But then I noticed something. He likes to cook. More than that, he likes to serve us food. My husband and I will slurp up the tomato and carrot soup (don’t ask) he makes us and profess that it’s the best we’ve ever had, and his little face fills with pride. It really isn’t important that he microwaved the tomato before boiling and roasting it. The important thing is that he wants to do things for us. That’s what he’s learning when I cook for him.
I have to hope the same thing happens when he sees me working on my computer. Daddy has set up a little desk for him beside mine, where he can play on the iPad while I work. His chair is an adorable little wicker thing but he says he wants one like mine, an office chair. As he looks for ways to be like me on the surface, I can only hope that he is also learning deeper lessons. I hope he sees the dedication I put into my work. I hope he sees how much I love what I do and that one day he will do the same.
I won’t claim to have all the answers in this—I know I don’t. And I’ll keep restricting screen time and looking for more ways to play actively and encouraging us all spend more time outside. But I think, if my son could grow up to do something he loved, to work hard at it, whether it’s in front of a screen or not, that would be enough. More than enough of a legacy for me to pass on.
Tell me, have you had to lower your standards of motherhood to pursue your dreams? What kid things are sacrosanct for you, things you won’t give up even to become the most successful at what you do?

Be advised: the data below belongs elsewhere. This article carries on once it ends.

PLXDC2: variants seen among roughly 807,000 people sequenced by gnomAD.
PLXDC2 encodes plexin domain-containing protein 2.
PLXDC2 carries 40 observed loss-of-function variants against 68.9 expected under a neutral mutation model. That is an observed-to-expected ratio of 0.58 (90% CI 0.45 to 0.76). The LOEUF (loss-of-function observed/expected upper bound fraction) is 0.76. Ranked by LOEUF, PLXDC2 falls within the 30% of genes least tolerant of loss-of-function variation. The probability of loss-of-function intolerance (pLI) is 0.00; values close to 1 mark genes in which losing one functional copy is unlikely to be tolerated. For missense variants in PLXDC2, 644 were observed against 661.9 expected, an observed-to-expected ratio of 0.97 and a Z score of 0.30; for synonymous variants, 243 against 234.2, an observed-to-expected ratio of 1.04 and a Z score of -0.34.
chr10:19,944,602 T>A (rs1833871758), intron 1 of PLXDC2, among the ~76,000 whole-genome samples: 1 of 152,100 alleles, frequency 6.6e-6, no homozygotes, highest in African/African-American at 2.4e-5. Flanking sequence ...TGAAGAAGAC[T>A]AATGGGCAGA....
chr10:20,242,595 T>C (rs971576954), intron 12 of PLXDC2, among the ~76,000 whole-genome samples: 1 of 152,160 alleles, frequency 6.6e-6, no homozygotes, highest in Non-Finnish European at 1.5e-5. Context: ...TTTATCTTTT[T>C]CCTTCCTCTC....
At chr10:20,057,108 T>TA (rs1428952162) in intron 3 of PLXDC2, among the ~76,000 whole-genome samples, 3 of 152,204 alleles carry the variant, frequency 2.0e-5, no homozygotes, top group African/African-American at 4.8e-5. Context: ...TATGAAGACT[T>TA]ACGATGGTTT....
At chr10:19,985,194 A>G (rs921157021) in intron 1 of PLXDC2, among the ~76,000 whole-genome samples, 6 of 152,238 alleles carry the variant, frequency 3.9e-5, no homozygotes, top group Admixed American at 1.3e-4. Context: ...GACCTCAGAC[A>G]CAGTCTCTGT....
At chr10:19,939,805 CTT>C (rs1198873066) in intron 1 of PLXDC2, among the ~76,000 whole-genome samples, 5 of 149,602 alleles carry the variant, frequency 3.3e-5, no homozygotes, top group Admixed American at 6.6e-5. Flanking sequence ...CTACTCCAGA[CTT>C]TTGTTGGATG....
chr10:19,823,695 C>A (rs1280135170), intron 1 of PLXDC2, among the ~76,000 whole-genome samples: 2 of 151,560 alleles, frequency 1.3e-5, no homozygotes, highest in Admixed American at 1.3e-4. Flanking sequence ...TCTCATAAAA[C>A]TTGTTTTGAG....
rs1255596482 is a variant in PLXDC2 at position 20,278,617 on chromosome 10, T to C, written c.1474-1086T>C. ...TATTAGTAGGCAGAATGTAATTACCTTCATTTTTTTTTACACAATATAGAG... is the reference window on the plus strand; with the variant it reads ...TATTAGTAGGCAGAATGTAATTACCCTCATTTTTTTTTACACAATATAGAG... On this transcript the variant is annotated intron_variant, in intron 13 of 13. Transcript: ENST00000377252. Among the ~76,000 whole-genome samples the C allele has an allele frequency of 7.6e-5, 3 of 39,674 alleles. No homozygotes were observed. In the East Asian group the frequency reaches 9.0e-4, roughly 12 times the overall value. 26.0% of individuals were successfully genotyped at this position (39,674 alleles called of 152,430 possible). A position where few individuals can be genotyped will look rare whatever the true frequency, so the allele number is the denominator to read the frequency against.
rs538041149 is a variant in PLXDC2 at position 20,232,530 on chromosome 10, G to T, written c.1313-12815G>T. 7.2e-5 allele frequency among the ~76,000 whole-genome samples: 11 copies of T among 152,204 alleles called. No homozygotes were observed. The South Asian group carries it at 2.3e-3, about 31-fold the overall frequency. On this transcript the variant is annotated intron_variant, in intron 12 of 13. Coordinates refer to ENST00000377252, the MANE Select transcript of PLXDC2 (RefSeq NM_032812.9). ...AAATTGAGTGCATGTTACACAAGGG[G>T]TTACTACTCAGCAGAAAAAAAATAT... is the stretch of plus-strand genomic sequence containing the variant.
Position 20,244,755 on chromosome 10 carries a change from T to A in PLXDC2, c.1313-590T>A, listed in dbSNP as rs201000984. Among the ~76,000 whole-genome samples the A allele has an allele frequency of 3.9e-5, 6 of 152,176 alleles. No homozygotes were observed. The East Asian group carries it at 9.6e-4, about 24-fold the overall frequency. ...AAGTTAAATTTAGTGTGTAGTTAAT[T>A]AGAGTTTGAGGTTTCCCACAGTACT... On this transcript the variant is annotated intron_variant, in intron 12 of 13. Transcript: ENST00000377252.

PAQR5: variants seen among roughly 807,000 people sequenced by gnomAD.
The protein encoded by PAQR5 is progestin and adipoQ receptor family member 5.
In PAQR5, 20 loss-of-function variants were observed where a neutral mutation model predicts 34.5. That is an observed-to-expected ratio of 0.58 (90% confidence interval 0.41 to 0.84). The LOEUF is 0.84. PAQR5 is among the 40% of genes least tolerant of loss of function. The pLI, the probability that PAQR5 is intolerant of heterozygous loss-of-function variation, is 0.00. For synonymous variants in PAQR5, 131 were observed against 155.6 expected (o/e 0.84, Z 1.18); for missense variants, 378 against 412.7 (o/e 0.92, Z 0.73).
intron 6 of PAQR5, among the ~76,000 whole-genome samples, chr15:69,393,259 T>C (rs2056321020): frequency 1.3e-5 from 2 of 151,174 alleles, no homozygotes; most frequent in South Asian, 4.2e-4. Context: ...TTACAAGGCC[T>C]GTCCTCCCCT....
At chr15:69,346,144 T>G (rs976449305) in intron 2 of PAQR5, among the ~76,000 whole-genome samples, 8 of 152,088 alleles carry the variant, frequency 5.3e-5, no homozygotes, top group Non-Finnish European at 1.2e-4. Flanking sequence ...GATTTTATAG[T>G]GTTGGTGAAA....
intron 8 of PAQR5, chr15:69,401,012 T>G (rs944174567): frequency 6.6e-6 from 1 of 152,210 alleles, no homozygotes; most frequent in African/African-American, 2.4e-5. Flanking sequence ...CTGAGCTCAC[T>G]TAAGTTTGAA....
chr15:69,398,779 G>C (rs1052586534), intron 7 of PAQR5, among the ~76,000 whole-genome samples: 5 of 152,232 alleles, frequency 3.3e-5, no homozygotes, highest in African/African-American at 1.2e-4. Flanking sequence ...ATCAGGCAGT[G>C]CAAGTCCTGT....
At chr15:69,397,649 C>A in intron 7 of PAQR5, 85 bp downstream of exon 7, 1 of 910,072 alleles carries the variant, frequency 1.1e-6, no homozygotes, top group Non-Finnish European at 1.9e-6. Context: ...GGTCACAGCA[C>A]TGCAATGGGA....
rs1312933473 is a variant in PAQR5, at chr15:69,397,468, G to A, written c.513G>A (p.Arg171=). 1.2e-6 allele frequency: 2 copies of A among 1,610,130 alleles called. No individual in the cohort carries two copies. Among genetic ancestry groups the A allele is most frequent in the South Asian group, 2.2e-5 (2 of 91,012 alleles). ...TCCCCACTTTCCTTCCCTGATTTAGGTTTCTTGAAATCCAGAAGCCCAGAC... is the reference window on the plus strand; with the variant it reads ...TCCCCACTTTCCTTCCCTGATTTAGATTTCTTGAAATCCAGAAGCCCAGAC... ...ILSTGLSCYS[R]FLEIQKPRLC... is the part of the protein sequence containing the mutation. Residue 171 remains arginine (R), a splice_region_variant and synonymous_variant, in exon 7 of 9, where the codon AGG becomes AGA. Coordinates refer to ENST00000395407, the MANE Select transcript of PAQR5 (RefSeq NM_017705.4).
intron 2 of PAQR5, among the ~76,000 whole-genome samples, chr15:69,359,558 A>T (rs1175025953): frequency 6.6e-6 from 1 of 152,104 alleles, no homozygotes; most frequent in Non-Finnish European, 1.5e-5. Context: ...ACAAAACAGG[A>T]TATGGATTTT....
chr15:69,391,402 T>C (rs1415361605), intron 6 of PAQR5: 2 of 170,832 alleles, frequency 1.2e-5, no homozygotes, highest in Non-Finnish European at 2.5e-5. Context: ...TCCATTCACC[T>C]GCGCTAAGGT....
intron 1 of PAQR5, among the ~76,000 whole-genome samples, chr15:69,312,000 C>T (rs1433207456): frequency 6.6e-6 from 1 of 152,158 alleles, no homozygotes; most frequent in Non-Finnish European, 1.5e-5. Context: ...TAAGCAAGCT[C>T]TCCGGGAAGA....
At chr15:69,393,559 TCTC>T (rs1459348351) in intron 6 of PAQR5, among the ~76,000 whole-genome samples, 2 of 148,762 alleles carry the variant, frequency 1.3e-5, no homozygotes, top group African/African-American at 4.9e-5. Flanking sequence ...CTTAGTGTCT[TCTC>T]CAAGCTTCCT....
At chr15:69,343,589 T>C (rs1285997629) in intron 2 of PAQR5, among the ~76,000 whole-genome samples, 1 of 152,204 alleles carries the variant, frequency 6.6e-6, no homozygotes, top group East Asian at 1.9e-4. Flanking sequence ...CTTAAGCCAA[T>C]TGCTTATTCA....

Her debut novel, Giving It Up, is an erotic romance that follows a woman’s journey of healing… and smoking hot sex. Reviewers have raved that Giving It Up is compelling, well-written, gutsy, deeply emotional and sexy as hell. The Romance Reviews gave it five stars, and Romance Junkies gave it five ribbons.
You can read an excerpt or watch the book trailer here: http://www.givingitupbook.com
“Giving It Up is original, affecting, emotionally draining, but well worth reading if you are brave enough to go along for the ride.
“—Annabel Joseph, author of Comfort Object
“A ballsy departure from romantic conventions. At once gritty and tender, stark and hopeful.”
—Cara McKenna, author of Willing Victim
“Giving It Up is an erotic, compelling story that takes us to the shadowy, lonely places but doesn’t leave us there. Amber Lin shows us that romance isn’t just for the rich and shiny. Love can find its way even into the dark corners of the most damaged hearts.”
—Tiffany Reisz, author of The Siren
“This is a book you MUST read if you like gritty, edgier romance that makes you think as well as turns you on.”
—Cari Quinn, USA Today Bestselling Author
“Dark and edgy…but don’t be fooled. There’s a wonderful love story running through this book. Sharp, intense writing, sexy as hell, and such a cool idea!”
—Charlotte Stein, author of Sheltered
“Every page is chock full of sexy, angsty must-read-moreness.”
—Karla Doyle, author of Game Plan
“Giving It Up is a gritty, real romance that deals in an honest way with what happens to sexuality in the aftermath of rape…. Read it. You won’t be sorry.”
—Ruthie Knox, author of About Last Night